Nutritional risk and the metabolic syndrome in women: opportunities for preventive intervention from the Framingham Nutrition Study.
BACKGROUND: Diet is recognized as a key factor in the cause and management of the metabolic syndrome (MetS). However, policies to guide preventive clinical nutrition interventions of the condition are limited. OBJECTIVES: We examined the relation between dietary quality and incident MetS in adult women and identified foci for preventive nutrition interventions. DESIGN: This was a prospective study of 300 healthy women (aged 30-69 y) in the Framingham Offspring-Spouse study who were free of MetS risk factors at baseline. The development of individual MetS traits and overall MetS status during 12 y of follow-up were compared in women by tertile of nutritional risk, based on intake of 19 nutrients. Multivariate logistic regression models considered age, smoking, physical activity, and menopausal status. RESULTS: Baseline age-adjusted mean nutrient intake and ischemic heart disease risk profiles differed by tertile of nutritional risk. Women with higher nutritional risk profiles consumed more dietary lipids (total, saturated, and monounsaturated fats) and alcohol and less fiber and micronutrients; they had higher cigarette use and waist circumferences. Compared with women with the lowest nutritional risk, those in the highest tertile had a 2- to 3-fold risk of the development of abdominal obesity and overall MetS during 12 y of follow-up [odds ratio: 2.3 (95% CI: 1.2, 4.3) and 3.0 (95% CI: 1.2, 7.6), respectively]. CONCLUSIONS: Higher composite nutritional risk predicts the development of abdominal obesity and MetS during long-term follow-up in healthy women, independent of lifestyle and ischemic heart disease risk factors. Preventive nutrition interventions for obesity and MetS risk reduction should focus on the overall nutritional quality of women's dietary profiles.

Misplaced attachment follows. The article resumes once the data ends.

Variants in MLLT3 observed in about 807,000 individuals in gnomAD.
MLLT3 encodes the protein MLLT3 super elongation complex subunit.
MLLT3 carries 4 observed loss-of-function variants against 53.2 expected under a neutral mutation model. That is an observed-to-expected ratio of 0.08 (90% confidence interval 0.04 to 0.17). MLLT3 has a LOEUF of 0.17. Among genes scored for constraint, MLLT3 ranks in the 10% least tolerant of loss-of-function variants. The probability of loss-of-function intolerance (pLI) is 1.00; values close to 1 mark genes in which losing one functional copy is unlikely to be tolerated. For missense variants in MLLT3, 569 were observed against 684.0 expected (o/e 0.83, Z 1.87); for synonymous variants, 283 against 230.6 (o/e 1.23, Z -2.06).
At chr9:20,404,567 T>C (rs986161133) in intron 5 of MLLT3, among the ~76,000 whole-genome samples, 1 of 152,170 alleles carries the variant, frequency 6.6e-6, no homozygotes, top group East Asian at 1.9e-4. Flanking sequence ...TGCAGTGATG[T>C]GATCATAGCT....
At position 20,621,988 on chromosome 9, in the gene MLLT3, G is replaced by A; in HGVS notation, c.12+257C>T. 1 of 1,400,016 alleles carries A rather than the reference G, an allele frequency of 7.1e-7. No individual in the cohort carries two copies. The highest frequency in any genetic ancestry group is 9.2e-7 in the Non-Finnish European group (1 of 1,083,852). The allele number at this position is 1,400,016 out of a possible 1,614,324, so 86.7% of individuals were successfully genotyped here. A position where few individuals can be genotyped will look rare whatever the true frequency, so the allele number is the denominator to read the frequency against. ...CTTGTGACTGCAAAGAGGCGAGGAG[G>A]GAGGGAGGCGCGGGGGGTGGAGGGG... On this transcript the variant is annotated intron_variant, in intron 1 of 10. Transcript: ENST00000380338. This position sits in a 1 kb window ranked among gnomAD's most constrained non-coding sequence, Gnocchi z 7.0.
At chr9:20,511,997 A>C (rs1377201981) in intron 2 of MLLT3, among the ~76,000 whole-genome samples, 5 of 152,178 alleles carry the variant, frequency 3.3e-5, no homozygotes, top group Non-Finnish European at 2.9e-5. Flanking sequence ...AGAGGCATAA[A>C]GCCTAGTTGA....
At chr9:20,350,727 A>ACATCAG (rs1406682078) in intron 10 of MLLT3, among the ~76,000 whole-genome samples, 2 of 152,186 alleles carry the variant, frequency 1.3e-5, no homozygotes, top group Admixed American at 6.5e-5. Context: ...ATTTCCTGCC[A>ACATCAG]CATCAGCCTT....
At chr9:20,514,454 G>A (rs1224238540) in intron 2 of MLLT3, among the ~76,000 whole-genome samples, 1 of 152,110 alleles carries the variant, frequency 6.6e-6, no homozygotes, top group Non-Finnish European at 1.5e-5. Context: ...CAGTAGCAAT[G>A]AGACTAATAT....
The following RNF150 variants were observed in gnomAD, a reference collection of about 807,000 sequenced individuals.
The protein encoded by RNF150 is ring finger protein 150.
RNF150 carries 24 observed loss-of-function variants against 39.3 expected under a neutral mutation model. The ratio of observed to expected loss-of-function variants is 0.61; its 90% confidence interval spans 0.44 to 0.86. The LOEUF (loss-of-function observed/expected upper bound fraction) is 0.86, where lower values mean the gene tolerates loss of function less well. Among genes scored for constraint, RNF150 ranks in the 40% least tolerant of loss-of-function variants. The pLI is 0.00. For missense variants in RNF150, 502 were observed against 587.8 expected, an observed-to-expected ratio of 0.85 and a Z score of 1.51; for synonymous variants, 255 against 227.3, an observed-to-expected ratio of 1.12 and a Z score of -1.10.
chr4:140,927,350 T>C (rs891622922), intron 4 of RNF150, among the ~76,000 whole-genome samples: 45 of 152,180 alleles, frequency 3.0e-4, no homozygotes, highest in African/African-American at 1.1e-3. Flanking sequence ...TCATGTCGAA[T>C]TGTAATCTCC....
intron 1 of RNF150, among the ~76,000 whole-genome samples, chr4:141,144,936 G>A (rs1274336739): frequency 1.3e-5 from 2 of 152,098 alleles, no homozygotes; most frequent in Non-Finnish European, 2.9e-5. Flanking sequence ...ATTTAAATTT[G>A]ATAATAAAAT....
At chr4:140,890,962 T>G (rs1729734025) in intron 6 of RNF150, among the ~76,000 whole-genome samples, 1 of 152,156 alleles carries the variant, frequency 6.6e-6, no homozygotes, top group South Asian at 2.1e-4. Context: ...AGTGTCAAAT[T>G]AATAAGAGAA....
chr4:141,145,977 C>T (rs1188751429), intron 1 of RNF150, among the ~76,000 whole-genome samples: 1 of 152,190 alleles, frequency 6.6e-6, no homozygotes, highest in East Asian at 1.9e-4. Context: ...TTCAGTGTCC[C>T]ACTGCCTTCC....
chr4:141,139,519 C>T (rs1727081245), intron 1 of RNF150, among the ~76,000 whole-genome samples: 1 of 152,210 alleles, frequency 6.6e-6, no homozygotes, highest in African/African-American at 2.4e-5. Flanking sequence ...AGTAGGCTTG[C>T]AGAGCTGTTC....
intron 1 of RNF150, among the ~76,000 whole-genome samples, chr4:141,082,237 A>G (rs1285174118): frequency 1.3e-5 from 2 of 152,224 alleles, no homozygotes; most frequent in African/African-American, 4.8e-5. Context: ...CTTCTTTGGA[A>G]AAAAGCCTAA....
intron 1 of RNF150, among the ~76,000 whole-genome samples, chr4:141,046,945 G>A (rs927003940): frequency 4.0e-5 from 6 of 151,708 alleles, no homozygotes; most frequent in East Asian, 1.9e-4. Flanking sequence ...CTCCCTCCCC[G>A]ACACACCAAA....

Millen, BE; Pencina, MJ; Kimokoti, RW; Zhu, L; Meigs, JB; Ordovas, JM; D'Agostino, RB
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